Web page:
The Emerging Church: Thinking Evolutionally and Acting Demographically

Published on: December 1, 2011

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I’m a field minister pioneering a new community (The Transformative Living Center, a.k.a. TLC), so contemplating the emerging church is a very practical exercise in thinking globally and acting locally. While preparing to launch TLC, I identified two major topics that I feel TLC, as well as all twenty-first century churches, must address. Handling these two issues—evolution spirituality and the demographics of aging—are essential to serving our constituents and society in ways that are relevant and meaningful to the trajectory of contemporary life.

In a series of lectures in 1981-1984, mythologist Joseph Campbell (The Inner Reaches of Outer Space) observed, “All the gods are dead and the new ones are yet to be born.” Campbell spoke this as a way of saying that the increase in humankind’s knowledge since the Enlightenment has made obsolete the underlying mythological stories of the world’s religious traditions. We need a new story that provides deeper meaning and greater relevance in light of the advances of scientific revelation and today’s realities.

There is movement toward a new mythology within the emerging field of Evolution Spirituality. During his series on “The Advent of Evolutionary Christianity,” author Michael Dowd (Thank God for Evolution) maintains that the direction is toward an evidentiary-based spirituality. Dowd calls this the most significant shift in religious formation since Martin Luther tacked his Ninety-Five Theses to the door of the Wittenberg church in 1517.

Indeed, there is significant activity in Evolutionary Spirituality throughout contemporary Christendom as well as in secular movements such as Integral Spirituality. Leading these changes takes vision and courage.

One person who is truly pioneering in this field is Barbara Marx Hubbard. With the support of The Shift Network, Barbara is sponsoring an initiative called Birth 2012 leading up to a Planetary Birth Day on December 22, 2012. This is a call for a shift to Conscious Evolution—of seeing ourselves with deep-time spiritual eyes in the context of 13.7 billion years of evolution and committing to the idea of “evolution by choice, not chance.” Participation in Birth 2012 will be a significant spiritual commitment for the TLC community during the next two years.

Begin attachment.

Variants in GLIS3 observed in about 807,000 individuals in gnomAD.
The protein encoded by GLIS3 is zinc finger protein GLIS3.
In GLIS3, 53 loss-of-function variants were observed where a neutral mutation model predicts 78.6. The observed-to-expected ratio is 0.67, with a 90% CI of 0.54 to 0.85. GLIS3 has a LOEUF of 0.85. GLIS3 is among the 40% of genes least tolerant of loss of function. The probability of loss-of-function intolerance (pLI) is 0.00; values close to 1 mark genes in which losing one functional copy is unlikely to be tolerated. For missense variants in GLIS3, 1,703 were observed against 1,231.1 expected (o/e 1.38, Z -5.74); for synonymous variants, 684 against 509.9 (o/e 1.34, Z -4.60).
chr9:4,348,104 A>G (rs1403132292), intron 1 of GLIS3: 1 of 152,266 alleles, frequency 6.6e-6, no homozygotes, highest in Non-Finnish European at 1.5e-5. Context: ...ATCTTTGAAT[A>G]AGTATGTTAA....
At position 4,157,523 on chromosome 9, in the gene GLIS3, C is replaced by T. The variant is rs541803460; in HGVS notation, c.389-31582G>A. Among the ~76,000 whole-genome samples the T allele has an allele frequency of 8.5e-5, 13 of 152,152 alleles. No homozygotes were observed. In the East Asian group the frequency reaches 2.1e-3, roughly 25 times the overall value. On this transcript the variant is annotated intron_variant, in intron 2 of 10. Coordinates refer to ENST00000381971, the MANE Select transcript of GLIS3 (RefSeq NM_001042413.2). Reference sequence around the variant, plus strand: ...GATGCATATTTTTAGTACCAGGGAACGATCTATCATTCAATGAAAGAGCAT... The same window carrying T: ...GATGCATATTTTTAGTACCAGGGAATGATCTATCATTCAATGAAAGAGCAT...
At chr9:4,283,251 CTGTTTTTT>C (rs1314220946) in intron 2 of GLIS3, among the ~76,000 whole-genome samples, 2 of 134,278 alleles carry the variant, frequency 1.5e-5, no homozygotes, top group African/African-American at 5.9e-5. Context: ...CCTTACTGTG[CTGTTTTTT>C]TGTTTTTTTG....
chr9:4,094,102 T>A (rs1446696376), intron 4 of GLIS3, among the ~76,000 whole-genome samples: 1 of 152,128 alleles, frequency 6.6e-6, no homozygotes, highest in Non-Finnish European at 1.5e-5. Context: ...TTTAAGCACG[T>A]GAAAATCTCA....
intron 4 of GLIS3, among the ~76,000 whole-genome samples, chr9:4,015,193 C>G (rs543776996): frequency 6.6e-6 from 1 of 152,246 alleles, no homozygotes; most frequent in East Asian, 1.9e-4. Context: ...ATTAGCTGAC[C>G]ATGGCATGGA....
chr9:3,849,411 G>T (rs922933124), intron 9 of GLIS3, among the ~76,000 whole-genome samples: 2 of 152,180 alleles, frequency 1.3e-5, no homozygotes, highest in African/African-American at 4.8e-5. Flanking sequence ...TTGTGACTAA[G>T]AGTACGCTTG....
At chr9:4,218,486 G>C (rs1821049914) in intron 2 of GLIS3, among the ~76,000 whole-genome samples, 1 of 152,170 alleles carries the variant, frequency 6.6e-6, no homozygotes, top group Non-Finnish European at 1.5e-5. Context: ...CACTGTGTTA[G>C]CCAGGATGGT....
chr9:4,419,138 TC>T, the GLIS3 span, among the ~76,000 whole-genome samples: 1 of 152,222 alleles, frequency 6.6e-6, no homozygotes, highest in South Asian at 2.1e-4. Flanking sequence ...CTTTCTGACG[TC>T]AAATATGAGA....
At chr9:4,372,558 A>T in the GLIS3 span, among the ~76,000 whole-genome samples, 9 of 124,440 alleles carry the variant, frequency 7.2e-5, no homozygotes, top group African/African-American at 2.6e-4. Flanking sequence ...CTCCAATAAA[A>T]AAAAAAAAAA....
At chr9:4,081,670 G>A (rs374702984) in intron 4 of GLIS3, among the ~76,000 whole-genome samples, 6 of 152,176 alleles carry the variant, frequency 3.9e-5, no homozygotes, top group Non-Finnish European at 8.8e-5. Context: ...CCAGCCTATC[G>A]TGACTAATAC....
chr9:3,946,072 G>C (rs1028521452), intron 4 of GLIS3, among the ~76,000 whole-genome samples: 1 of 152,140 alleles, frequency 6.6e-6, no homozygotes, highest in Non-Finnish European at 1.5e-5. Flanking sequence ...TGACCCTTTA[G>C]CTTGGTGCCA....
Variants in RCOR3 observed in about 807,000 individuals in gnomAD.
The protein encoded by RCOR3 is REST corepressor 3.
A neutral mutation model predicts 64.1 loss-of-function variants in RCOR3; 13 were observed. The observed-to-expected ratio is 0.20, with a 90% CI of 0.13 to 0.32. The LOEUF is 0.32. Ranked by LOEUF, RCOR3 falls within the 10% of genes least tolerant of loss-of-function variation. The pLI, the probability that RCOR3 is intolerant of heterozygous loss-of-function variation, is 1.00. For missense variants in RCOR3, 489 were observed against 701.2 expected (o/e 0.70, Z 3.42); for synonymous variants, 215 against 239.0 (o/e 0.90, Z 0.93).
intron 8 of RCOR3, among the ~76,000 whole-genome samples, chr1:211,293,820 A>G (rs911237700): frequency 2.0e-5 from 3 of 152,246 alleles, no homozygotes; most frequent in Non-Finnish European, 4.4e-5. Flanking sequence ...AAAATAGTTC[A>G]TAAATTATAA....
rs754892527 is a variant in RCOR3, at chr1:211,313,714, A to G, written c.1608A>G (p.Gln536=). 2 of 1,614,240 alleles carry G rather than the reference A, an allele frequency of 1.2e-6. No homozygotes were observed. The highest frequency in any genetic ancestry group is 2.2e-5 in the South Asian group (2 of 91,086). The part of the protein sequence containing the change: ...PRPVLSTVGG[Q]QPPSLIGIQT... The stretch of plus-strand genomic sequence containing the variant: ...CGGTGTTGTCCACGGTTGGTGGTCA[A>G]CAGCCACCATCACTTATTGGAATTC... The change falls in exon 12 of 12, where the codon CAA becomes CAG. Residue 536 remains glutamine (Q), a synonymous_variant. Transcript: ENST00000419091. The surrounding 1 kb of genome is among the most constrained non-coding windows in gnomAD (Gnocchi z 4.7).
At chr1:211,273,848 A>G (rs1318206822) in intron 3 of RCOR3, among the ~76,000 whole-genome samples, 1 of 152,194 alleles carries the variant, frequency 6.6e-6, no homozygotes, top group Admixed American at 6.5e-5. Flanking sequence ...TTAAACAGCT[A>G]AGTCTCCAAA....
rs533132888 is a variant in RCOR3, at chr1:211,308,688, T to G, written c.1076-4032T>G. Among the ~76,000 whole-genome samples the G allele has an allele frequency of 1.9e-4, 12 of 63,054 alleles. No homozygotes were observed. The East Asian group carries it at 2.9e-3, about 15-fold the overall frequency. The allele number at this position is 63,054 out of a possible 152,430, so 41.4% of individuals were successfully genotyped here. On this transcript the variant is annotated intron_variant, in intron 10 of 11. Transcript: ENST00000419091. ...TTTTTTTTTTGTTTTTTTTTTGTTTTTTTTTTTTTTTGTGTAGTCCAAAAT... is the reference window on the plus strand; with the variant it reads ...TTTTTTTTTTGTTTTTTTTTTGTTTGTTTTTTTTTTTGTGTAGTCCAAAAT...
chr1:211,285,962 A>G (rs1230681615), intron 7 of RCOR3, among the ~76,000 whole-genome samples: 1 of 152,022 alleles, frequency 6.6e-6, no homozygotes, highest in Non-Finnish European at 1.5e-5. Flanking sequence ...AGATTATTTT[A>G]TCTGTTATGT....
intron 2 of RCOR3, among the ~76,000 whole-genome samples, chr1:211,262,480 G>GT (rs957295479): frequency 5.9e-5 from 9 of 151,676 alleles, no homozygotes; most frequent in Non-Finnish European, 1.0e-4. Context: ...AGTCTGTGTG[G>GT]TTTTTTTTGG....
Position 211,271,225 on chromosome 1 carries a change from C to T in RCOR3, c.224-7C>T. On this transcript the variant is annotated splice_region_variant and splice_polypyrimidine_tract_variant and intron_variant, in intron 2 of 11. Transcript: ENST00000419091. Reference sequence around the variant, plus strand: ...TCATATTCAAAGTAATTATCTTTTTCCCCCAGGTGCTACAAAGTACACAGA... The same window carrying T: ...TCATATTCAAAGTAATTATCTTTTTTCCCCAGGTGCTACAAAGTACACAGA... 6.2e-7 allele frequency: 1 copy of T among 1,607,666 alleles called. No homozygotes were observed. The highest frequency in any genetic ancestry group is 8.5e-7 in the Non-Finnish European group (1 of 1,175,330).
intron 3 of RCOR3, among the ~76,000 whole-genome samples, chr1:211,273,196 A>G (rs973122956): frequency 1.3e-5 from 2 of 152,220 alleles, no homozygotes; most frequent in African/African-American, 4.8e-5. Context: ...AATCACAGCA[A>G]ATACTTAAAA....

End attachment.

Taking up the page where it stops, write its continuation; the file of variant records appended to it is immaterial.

Serving an Aging Demographic

TLC’s second area of focus will address issues related to the demographics of aging. In 2011, the first of 78 million baby boomers celebrated their 65th birthdays. Today, the population of people aged 65 and older already greatly exceeds that of any time in human history. By 2050, people in that demographic will constitute over 40 percent of populations of the United States and other developed countries.

The sheer force of numbers will lead to changes in social and economic areas. But for the emerging church, there is also the fact that the spiritual imperatives for those in the second half of life differ significantly from those of life’s first half. The first half is about “making a living” and the second half is about “making a life.”

In the past, the demographic balance tilted so heavily toward the first-half population that society in general, and the church in particular, had been very first-half oriented. Religious institutions have not truly supported the transition into, and experience of, the second half of life in terms of age-appropriate spiritual growth.

As an emerging church, our goal at TLC will be to provide a balanced approach to both halves, including supporting the transition into the second half of life and promoting a meaningful dialogue between people in both phases. Specifically, we will soon launch an initiative called “Thrive After 45!” and a course (under the working title of) “Spirituality for Grown Ups.” Our intention is to help each other live more fully every day, in every way, in a rapidly evolving environment.

Evolution Spirituality and the demographics of aging actually come together in a powerfully synergistic way. One view is that the increase in our species’ life span has resulted in a newly evolved model of homo sapiens: a species with 30+ more years inserted into the middle of life, not added to the end. This is evolution in action! These added years afford us the opportunity to look anew at the human life cycle and the spirituality related to it.

Our quest for meaning may most likely call for us to move from a metaphysical to a meta-evolutionary viewpoint. To do this, we need to co-create the new mythology that Joseph Campbell was calling for —one that integrates new theology, new cosmology, new physics, and new biology. As we work on this new world view as “Agents of Conscious Evolution” (to use Barbara Marx Hubbard’s term), we will truly be capable of thinking evolutionally and acting demographically!

Steve Maynard
Steve Maynard is founding minister of The Transformative Living Center (San Diego, CA) and co-founder, with his wife Olivia, of Thrive After 45!, an initiative serving people in the second half of life.

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